Outlining approach #247.3: character choices.
If you want to get a BioWare fan talking, ask who they romanced in a game. (It’s probably more than one character, tbh, we replay a lot.)
But if you want to get them arguing, ask which narrative choices they made in certain games.
Choice is one of the best and easiest tools for showing who your characters are. You wedge them into a situation where they must choose a thing to proceed. You make them sweaty and uncomfortable because making choices is hard!
Their choice tells the reader about their most deeply held beliefs and priorities, about shifting allegiances and agonizing doubts, about all the collected experiences that add up to make a person.
Setting up the choice is the challenge, of course. Some choices can feel artificial: do you save the boyfriend dangling off the edge of the building, or stop the villain from escaping? GASP OH NO.
The best choices are tough to make and have lasting ramifications for the rest of the book. Too easy and who cares? And they don’t have to be binary, but too many options will dilute the impact, so don’t go overboard.
Also, because you are wise and sneaky, you do not have to make the character pick one of the options you offer. Oh, no. Never forget that you are in charge, dear writer. You control the horizontal and the vertical and also the SECRET FIFTH DIMENSION NO ONE ELSE CAN SEE.
Faced with terrible consequences behind every door, your character may go for Secret Option bust through a wall like the Kool-Aid man. It’s a great way to surprise readers, but it will get predictable if you overdo it, so deploy it carefully.
The characters also don’t necessarily have to make the choice right away. Setting up a choice, with a deadline that’s looming, is a great way to create and maintain tension. Especially if the secondary characters have their own opinions, and there will be fallout among them when the decision is finally made. Big consequences + delayed choice = SUSPENSE.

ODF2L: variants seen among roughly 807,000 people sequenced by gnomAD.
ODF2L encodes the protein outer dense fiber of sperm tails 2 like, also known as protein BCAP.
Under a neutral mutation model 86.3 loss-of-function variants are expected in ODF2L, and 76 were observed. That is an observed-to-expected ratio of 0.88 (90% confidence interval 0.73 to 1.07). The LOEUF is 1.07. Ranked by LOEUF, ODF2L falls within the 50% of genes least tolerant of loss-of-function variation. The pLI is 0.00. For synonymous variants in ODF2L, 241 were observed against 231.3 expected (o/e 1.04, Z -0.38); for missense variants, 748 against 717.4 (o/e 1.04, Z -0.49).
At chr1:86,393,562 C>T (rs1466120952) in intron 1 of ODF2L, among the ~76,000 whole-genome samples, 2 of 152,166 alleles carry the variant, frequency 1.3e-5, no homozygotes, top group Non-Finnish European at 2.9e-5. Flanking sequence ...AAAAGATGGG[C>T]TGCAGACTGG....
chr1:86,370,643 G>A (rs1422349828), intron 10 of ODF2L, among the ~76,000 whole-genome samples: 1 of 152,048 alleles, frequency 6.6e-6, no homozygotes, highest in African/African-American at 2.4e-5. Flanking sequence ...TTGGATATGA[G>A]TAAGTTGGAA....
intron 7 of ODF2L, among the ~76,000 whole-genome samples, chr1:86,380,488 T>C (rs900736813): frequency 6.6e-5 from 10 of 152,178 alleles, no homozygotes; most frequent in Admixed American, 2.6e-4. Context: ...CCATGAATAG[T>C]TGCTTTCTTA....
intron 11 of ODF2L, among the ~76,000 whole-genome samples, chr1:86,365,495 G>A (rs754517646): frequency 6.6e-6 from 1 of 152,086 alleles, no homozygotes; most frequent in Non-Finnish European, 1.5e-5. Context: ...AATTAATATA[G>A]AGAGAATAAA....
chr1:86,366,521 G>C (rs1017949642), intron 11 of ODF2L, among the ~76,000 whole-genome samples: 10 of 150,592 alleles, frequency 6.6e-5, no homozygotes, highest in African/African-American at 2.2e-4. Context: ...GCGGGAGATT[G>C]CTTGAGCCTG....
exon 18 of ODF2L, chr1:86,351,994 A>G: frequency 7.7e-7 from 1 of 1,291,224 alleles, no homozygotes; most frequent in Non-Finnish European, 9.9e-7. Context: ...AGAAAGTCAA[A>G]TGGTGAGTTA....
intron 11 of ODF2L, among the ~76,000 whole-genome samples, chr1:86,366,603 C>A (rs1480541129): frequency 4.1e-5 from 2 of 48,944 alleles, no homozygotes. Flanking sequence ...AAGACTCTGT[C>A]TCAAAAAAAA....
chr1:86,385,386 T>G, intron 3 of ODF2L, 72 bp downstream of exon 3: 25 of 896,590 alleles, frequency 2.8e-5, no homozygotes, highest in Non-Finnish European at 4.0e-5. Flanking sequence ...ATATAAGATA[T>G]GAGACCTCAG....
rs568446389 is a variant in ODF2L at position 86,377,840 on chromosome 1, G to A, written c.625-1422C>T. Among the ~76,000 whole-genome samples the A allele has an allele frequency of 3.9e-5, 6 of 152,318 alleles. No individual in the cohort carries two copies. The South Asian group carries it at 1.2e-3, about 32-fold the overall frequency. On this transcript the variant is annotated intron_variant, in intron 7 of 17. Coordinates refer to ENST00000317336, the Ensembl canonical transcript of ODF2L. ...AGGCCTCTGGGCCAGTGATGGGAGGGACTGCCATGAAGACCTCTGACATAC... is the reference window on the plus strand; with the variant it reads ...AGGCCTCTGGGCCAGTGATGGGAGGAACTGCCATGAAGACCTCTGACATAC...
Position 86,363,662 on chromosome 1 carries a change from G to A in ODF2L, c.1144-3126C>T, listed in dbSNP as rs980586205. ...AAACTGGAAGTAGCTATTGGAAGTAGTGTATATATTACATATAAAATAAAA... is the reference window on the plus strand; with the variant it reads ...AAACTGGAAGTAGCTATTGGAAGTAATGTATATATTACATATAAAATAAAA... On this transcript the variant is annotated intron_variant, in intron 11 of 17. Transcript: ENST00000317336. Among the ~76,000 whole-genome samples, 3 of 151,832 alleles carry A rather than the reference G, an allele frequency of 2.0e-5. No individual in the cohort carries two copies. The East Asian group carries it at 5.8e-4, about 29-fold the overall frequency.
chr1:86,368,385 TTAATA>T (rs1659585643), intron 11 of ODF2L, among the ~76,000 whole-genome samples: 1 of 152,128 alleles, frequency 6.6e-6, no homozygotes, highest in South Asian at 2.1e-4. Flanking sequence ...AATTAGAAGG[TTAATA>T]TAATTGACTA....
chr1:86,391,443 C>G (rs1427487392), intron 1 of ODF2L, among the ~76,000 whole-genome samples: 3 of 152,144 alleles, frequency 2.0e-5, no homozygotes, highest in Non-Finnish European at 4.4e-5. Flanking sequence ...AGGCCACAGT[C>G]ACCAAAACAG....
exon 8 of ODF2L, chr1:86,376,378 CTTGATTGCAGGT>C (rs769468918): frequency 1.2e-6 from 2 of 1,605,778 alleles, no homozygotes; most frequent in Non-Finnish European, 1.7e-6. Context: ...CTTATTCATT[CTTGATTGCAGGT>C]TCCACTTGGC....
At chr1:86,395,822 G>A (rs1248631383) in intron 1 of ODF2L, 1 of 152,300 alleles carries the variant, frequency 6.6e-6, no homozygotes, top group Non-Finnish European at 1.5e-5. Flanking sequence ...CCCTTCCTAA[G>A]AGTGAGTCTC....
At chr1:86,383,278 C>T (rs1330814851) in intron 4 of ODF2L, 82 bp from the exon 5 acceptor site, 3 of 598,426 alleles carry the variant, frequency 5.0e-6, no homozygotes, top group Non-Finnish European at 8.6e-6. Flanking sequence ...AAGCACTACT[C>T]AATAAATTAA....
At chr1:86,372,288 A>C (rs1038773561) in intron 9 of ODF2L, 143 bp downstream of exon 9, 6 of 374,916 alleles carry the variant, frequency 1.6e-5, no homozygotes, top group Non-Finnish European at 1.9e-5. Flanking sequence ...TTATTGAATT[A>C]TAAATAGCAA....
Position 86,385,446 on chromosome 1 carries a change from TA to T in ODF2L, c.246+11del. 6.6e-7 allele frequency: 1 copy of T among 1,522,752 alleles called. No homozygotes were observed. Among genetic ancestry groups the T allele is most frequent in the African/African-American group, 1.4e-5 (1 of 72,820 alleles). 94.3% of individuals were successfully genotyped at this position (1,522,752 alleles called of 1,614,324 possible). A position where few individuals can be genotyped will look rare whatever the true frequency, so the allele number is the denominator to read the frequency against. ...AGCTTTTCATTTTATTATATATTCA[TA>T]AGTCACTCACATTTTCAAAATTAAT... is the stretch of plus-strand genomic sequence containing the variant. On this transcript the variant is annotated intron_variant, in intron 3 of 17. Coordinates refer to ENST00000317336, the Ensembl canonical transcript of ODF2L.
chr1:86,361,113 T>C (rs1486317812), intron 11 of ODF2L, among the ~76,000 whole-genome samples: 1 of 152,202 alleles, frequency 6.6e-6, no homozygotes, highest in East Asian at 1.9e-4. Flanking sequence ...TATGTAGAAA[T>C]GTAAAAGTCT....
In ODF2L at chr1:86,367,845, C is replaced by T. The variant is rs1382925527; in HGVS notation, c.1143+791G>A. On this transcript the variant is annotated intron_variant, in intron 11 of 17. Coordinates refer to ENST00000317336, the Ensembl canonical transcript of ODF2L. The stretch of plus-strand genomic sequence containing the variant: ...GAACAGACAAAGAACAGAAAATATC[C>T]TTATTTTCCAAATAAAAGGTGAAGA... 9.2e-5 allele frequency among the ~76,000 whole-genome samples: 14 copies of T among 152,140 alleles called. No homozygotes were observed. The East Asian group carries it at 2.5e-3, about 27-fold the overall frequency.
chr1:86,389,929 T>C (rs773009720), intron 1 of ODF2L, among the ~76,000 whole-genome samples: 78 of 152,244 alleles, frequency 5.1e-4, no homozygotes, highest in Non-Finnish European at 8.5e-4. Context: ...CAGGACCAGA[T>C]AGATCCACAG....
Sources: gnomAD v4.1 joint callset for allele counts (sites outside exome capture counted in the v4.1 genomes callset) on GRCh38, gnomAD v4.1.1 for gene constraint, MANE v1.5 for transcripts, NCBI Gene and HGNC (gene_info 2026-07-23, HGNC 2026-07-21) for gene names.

So, how to do this when outlining? Instead of just plotting out what happens, from one chapter or scene to the next, look for specific points where you can force your character to make a dramatic choice. This can either be a variation on tentpole moments or as part of whatever outline method you normally use. Have at least one Big Choice in a synopsis. If you go chapter by chapter, try to sprinkle choices throughout.
Tentpole moments are big deal things you build the narrative around. They can be plot moments, like when Luke chooses to leave Yoda to save his friends even though his training is incomplete. That choice impacts the rest of the events of that movie and the next one.
Or tentpole choices can be character moments that impact the relationships more than the plot, like when Aladdin chooses to use his final wish to free Genie from the lamp. (It’s a resolution to their relationship plot, too, but good plot and character are interwoven SO.)
If you’re stuck and need a tool to add more suspense to a flat or linear narrative, look to the choices your characters are making. Are they too easy? Too obvious? Nonexistent? Fix it! Your readers may not remember other plot points, but big, hard choices will stick with them.
This concludes our morning craft ruminations. Let us all go forth and mess with our characters accordingly. Adios, amigos, may your mana bar be full and your potion supply unlimited.